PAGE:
King of the Flies Volume 2: The Origin of the World


By Mezzo & Pirrus, translated by Helge Dascher with Dag Dascher & Kim Thompson (Fantagraphics)
ISBN: 978-1-60699-390-3

Scary stories are everywhere, even in the most ordinary of suburban paradises: when DC Comics started calling Alan Moore’s Swamp Thing stories “Sophisticated Suspense” in the 1980s, to differentiate them from the formulaic “Set ‘em up and then go Boo!” traditions of the horror comics medium, this kind of subtle, disorienting, creeping disturbia is exactly what they were aspiring to. Cleverly constructed, laconically laid out in the classic nine-panel-grid picture structure and rendered in comfortingly mundane style a la Charles Burns, King of the Flies is a landmark in metafictional mystery tales.

In volume 1, noted crime comics creators Pascal (Mezzo) Mesenburg and Michel Pirus introduced readers to the community of Hallorave and the eponymous Eric, a very troubled young man with a predilection for donning a gigantic Fly mask. A budding sociopath, the lad is into drugs, sex (consenting and otherwise), booze, introspection and instant gratification… but in that he’s not much different from the other residents of this little slice of Heaven. He also sees dead people occasionally – and again, he’s not the only one.

The book unfolded in seemingly unconnected vignettes narrated in the first person by a broad cast of unhappy campers and this second volume of three continues the tradition, but with the disparate threads increasingly overlapping and interlocking: the inevitable denouement seemingly inescapable and darkly bloody…

‘The Origin of the Species’ opens with Eric idly daydreaming of killing his mom’s new man Francis before heading out for Marie’s place. She isn’t Eric’s girlfriend really but she is sweet and easy and despises her parents too. Things kick off when gangster reprobate Ringo shows up and tells them to look after a bag he’s carrying.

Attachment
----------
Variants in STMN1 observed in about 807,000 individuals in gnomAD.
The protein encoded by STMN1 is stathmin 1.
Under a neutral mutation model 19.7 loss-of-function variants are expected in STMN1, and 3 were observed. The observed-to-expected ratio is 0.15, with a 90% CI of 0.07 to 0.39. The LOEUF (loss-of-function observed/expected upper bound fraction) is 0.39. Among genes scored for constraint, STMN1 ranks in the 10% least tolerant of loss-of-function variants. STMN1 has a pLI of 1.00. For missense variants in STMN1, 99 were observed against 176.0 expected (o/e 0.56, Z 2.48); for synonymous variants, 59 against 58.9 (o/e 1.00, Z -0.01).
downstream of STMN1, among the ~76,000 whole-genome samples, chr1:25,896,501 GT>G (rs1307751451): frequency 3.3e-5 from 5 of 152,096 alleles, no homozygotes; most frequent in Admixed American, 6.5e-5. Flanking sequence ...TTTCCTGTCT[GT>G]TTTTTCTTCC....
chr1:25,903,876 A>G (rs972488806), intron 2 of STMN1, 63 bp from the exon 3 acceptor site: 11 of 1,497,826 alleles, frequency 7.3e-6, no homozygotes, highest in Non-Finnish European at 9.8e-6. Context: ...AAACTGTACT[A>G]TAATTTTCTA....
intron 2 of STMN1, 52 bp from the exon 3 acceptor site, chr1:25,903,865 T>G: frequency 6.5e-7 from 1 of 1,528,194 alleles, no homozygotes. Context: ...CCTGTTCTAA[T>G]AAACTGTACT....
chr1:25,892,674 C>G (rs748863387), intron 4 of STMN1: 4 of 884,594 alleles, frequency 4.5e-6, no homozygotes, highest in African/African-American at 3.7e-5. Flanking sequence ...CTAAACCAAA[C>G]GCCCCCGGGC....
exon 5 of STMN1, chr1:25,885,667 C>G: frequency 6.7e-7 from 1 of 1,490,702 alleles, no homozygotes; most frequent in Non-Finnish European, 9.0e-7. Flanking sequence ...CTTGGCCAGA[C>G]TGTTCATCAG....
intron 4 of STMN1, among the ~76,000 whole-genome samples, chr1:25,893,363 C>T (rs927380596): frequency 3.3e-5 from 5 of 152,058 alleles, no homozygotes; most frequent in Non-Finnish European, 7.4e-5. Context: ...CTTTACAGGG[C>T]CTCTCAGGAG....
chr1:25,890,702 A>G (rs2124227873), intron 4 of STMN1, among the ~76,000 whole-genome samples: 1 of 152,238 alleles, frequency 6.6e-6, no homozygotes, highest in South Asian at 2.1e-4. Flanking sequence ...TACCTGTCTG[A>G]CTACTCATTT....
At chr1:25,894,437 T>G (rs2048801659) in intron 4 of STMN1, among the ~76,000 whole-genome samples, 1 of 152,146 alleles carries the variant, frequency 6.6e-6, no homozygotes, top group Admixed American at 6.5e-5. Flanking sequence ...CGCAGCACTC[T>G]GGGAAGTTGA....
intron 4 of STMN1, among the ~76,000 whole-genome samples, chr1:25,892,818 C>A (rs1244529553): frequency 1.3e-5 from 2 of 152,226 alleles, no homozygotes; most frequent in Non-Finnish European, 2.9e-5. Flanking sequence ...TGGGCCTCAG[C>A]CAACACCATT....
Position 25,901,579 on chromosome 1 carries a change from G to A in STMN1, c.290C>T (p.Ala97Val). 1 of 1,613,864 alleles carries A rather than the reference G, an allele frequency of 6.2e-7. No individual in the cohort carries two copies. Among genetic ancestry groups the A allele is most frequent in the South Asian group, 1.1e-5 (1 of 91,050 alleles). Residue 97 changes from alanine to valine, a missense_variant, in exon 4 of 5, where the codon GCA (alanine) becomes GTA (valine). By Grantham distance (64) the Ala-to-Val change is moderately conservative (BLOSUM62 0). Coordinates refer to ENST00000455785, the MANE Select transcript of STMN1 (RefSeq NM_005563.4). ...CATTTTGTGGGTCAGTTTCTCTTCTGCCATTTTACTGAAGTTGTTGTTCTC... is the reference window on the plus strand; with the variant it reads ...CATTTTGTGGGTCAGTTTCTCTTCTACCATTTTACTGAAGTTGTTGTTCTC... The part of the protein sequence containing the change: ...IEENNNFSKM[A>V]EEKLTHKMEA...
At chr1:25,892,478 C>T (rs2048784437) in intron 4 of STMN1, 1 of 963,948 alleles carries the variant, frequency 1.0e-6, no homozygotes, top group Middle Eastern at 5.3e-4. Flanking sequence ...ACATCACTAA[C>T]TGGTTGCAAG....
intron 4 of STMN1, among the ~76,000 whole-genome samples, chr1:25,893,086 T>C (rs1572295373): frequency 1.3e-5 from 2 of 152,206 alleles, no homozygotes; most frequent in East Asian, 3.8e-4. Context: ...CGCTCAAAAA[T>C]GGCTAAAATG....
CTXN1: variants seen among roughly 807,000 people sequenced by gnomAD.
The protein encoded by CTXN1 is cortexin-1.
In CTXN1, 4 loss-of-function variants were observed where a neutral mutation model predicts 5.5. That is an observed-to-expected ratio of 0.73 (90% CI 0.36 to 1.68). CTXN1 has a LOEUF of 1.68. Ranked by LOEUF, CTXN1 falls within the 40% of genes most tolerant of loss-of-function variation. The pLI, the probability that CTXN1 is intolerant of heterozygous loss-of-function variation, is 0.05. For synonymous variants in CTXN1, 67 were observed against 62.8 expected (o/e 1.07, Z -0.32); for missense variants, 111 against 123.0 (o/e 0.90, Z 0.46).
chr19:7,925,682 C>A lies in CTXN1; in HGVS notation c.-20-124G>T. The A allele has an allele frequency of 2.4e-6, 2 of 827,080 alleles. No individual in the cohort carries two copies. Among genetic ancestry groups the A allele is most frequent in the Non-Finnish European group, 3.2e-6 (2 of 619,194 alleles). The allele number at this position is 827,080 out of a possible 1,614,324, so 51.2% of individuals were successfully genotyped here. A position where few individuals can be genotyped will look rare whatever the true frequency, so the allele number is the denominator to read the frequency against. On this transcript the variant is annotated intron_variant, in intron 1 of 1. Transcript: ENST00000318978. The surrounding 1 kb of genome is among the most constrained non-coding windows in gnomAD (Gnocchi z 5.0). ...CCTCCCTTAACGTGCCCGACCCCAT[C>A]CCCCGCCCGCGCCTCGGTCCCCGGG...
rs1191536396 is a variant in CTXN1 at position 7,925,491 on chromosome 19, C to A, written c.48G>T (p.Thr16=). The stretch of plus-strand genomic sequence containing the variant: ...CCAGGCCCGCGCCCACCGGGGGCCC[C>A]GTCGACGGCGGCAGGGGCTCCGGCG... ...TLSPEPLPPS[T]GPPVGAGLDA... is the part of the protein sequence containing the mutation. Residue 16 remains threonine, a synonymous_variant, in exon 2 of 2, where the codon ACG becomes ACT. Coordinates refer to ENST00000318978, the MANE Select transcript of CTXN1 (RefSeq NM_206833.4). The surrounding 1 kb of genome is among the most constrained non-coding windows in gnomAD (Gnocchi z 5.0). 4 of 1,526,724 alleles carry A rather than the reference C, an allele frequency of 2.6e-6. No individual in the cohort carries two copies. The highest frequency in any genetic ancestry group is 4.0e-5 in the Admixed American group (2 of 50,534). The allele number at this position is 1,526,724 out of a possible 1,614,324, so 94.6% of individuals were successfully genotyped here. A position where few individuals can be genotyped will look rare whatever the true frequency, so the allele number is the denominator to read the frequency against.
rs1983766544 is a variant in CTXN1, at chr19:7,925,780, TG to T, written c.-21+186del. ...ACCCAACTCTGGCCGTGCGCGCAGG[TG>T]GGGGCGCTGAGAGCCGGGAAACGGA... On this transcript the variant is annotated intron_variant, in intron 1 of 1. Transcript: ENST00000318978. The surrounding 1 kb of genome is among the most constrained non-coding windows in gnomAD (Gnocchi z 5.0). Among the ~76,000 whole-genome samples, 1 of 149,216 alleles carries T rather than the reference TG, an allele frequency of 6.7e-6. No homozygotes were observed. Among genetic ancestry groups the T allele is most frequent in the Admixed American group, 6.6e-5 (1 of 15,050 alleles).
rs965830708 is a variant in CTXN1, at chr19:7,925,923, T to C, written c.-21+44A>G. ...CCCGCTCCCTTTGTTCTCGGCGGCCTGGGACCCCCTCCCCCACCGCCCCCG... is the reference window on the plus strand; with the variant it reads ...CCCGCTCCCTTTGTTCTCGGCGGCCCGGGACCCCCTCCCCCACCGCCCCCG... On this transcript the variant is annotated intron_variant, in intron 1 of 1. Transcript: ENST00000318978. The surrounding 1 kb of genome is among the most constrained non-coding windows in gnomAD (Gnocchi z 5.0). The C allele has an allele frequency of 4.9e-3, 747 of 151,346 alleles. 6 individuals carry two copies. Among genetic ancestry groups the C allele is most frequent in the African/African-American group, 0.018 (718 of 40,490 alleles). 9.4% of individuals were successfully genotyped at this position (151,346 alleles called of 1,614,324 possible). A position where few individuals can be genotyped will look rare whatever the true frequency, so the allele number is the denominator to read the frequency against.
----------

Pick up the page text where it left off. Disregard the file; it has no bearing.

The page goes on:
Eric is cool but Marie takes a peek, finding bundles of cash and a bowling pin inside. Later that day Eric saves an old guy from drowning because he fancied the geezers young girlfriend Karine: once again his uncontrolled desires are screwing up his life…

‘Departures/Arrivals’ follows Karine, showing her dysfunctional relationship with her bitch of a mother and how her aged lover Becker dies of a heart attack in an airport. Karine is pregnant and Eric sees opportunity…

In ‘Come Back’ we see that Damien has no luck. Not only is he killed by a genuinely remorseful drunk driver, but his last mortal sight is the three thugs who chased him to his demise and his girl screwing his best friend Eric. He’s far more mellow as a ghost though, pitying his killer and hanging out with Becker, just as dead but far less sanguine about Eric, who’s now moved on to Karine… Damien’s ex-girl Sal was always wild and she too is making use of Eric’s hound-dog ways…

‘Flesh Safari’ returns the spotlight to Eric. His stepdad is wise to him but Marie’s father still trusts him to look after his little girl. When the youngsters go to a rich kid’s party at Coralie’s place, Fly boy is set up and humiliated, but does meet a new friend in the outcast intellectual David, before spitefully punishing Marie by sleeping with his host’s mother…

‘Maternal Damage’ shows the turmoil afflicting Marie’s mother and just how close to the breaking point she is, whilst ‘Superhero’ follows Eric as Sal leads him into trouble and somebody administers a particularly efficient punishment beating. Moreover, even though Eric has done with Marie he can’t bear her seeing a new guy and inflicts some rough injustice of his own.

We learn some intriguing and unsavoury insights about David in ‘Robin Redux’ before the focus switches to Ringo: a full-throttle psychopath who isn’t happy at all when he asks for his bag back and Eric discovers somebody’s taken it…

Ringo sees ghosts too, but they are no help when his Boss Ramos gets heavy. Eric and Marie are in deep trouble until somebody intercedes from ambush and there’s one more phantom in the cast…

‘Crazy Horse’ finds Eric still haunting Karine until he has a strange and disturbing encounter with Marie’s dad and this intermediate book ends on a foreboding spiritual high note with ‘2,969 Light Years From Earth’ as Damien takes steps to protect his loved ones from an angry spirit and each other. Meanwhile, the bag thief is revealed and the repercussions of all the messed up crap the residents have been inflicting on each other is coming to a head. The doorbell rings…

…And readers will have to wait for the concluding book to discover how this stunning, mesmerising amalgam of Twin Peaks, Desert Palms, Peyton Place, The Omen and Blue Velvet plays out. A stylish and magical portmanteau saga of a community cursed with an excess of human frailty – lust, rage, greed, despair and especially shallow selfishness – this is a story that will surprise, compel, distress and haunt anybody with even half an imagination.

Darkly addictive, casually violent and graphically sexual, King of the Flies is “adults only” and well worth waiting until you’re 18 for…
© 2005 Glenat Editions/Drugstore. This edition © 2010 Fantagraphics Books. All rights reserved.